POLICE are to keep a closer eye on schools at lunchtime after a teenage girl almost died as a result of taking dangerous drugs near Johnstone High.

The 15-year-old girl needed urgent hospital treatment after she was found unconscious last week.

Officers are now drawing up an action plan to look out for any youngsters potentially taking harmful substances.

The Johnstone High pupil, who was not attending school that day, had been with her friends and bought what she thought was cannabis.

But, after taking a few draws, she suffered a reaction similar to that of a heroin overdose.

The girl was treated by paramedics and given the opioid receptor Narcan – short for Naloxone – before being taken to the Queen Elizabeth University Hospital, in Glasgow.

She came round about half an hour after arriving at hospital and was discharged later that day.

The Gazette: Inspector Jim Cast promised the police would work with Johnstone High School Inspector Jim Cast promised the police would work with Johnstone High School

The hospital has since confirmed there was no heroin or cannabis in her system and police have said they believe she may have taken ‘Spice’ – a mix of herbs and laboratory-made chemicals which can have major mind-altering effects.

Inspector Jim Cast, of Renfrewshire’s Community Policing Team, said: “We are now working with schools to drill the message home that, even if it seems like it may be a softer drug, you just don’t know.

“We do believe the substance taken could have been Spice, which can have all sorts of things in it, such as rat poison. It can look like cannabis but might not be.

“Before last summer, we drew up an action plan to target schools at lunchtimes and we’ll be doing that again now.

“We go into schools on a regular basis anyway to educate about drugs and alcohol – and headteachers can contact us if they have any particular concerns.”

Police have said a 16-year-old boy has been charged with supplying drugs in connection with the incident, which took place last Wednesday, and will appear in court later this month.

Following the harrowing incident, The Gazette spoke to Louise Dempsey, founder of Linwood charity Youth Interventions, which aims to educate young people about the effects of drugs and alcohol.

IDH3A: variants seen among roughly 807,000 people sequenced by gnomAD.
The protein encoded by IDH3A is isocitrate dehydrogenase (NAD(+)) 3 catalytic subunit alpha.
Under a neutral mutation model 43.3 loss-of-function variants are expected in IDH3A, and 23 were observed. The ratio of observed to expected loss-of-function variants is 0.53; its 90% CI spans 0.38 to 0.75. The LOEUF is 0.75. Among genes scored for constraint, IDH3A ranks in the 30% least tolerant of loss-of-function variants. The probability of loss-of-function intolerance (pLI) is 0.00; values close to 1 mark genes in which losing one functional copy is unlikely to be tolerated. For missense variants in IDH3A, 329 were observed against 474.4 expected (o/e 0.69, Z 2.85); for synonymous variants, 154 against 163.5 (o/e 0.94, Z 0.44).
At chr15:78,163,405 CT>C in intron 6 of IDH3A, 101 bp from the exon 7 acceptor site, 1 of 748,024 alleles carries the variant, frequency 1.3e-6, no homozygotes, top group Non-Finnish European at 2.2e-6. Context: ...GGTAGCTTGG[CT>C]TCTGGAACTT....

Louise has been delivering workshops at Linwood High School recently, focusing on understanding risk and reducing harm.

“I fundamentally believe we have a duty of care to educate young people,” said Louise. “If they do not know what they are taking and they do not know the potential impact that can have on their body and mental health, then what’s stopping them?

“They are naturally risk-taking people. They are at a stage where they are learning what’s safe and what isn’t. If we don’t educate them, we are failing in our duty of care.”

Louise added that she often finds herself feeling frustrated by some people’s judgemental attitudes towards young people taking drugs.

She said: “Unfortunately, the nature of the drugs market is you just do not know what you are buying. Drug dealers are dealing drugs to make a profit. They are not interested in a duty of care.

The Gazette: Louise Dempsey outside her Linwood hub Louise Dempsey outside her Linwood hub

“The young girl that took it, I mean, what a shame. It’s not a case of bad people take drugs. Young people experiment.

“We need to have honest conversations with young people. We are not there to say ‘don’t take drugs.’ We are there to try to help people understand that, if this is part of their adolescence, then let’s talk about keeping them safe.”

Renfrewshire Council has said its staff will continue to support the pupil on her return to school.

A spokesperson added: “We work closely with police to educate pupils in all our schools about the dangers of drug use.”

Read all the latest from Renfrewshire and beyond